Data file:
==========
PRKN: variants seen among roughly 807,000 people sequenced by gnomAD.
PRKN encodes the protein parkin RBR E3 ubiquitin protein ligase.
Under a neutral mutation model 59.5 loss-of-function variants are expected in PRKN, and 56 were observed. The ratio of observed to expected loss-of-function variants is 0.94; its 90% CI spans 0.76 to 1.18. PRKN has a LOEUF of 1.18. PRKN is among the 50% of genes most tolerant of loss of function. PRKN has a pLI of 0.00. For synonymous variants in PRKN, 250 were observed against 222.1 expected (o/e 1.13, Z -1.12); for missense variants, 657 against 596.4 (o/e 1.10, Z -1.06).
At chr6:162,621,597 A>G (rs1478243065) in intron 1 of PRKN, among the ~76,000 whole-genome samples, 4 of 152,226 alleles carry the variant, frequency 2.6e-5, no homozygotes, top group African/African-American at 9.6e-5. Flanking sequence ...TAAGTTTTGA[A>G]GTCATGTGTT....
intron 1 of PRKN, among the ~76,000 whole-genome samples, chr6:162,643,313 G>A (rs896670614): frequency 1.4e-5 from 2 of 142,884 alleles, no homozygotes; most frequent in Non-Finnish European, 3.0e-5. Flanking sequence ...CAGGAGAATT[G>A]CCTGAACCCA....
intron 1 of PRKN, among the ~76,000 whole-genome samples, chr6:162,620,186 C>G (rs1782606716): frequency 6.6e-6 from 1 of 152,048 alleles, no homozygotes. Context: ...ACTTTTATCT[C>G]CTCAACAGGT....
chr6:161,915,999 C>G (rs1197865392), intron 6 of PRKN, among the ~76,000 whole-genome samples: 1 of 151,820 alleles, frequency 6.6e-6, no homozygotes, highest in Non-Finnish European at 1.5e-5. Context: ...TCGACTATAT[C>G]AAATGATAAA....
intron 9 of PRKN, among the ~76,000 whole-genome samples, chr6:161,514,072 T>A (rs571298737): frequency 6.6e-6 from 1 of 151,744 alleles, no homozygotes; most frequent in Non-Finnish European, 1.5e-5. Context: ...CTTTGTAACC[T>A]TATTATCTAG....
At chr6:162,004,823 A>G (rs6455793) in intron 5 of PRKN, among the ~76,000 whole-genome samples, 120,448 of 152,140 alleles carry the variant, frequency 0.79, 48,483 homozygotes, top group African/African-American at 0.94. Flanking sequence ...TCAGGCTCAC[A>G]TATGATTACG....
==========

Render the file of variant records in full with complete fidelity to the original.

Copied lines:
PRKN: variants seen among roughly 807,000 people sequenced by gnomAD.
PRKN encodes the protein parkin RBR E3 ubiquitin protein ligase.
Under a neutral mutation model 59.5 loss-of-function variants are expected in PRKN, and 56 were observed. The ratio of observed to expected loss-of-function variants is 0.94; its 90% CI spans 0.76 to 1.18. PRKN has a LOEUF of 1.18. PRKN is among the 50% of genes most tolerant of loss of function. PRKN has a pLI of 0.00. For synonymous variants in PRKN, 250 were observed against 222.1 expected (o/e 1.13, Z -1.12); for missense variants, 657 against 596.4 (o/e 1.10, Z -1.06).
At chr6:162,621,597 A>G (rs1478243065) in intron 1 of PRKN, among the ~76,000 whole-genome samples, 4 of 152,226 alleles carry the variant, frequency 2.6e-5, no homozygotes, top group African/African-American at 9.6e-5. Flanking sequence ...TAAGTTTTGA[A>G]GTCATGTGTT....
intron 1 of PRKN, among the ~76,000 whole-genome samples, chr6:162,643,313 G>A (rs896670614): frequency 1.4e-5 from 2 of 142,884 alleles, no homozygotes; most frequent in Non-Finnish European, 3.0e-5. Flanking sequence ...CAGGAGAATT[G>A]CCTGAACCCA....
intron 1 of PRKN, among the ~76,000 whole-genome samples, chr6:162,620,186 C>G (rs1782606716): frequency 6.6e-6 from 1 of 152,048 alleles, no homozygotes. Context: ...ACTTTTATCT[C>G]CTCAACAGGT....
chr6:161,915,999 C>G (rs1197865392), intron 6 of PRKN, among the ~76,000 whole-genome samples: 1 of 151,820 alleles, frequency 6.6e-6, no homozygotes, highest in Non-Finnish European at 1.5e-5. Context: ...TCGACTATAT[C>G]AAATGATAAA....
intron 9 of PRKN, among the ~76,000 whole-genome samples, chr6:161,514,072 T>A (rs571298737): frequency 6.6e-6 from 1 of 151,744 alleles, no homozygotes; most frequent in Non-Finnish European, 1.5e-5. Context: ...CTTTGTAACC[T>A]TATTATCTAG....
At chr6:162,004,823 A>G (rs6455793) in intron 5 of PRKN, among the ~76,000 whole-genome samples, 120,448 of 152,140 alleles carry the variant, frequency 0.79, 48,483 homozygotes, top group African/African-American at 0.94. Flanking sequence ...TCAGGCTCAC[A>G]TATGATTACG....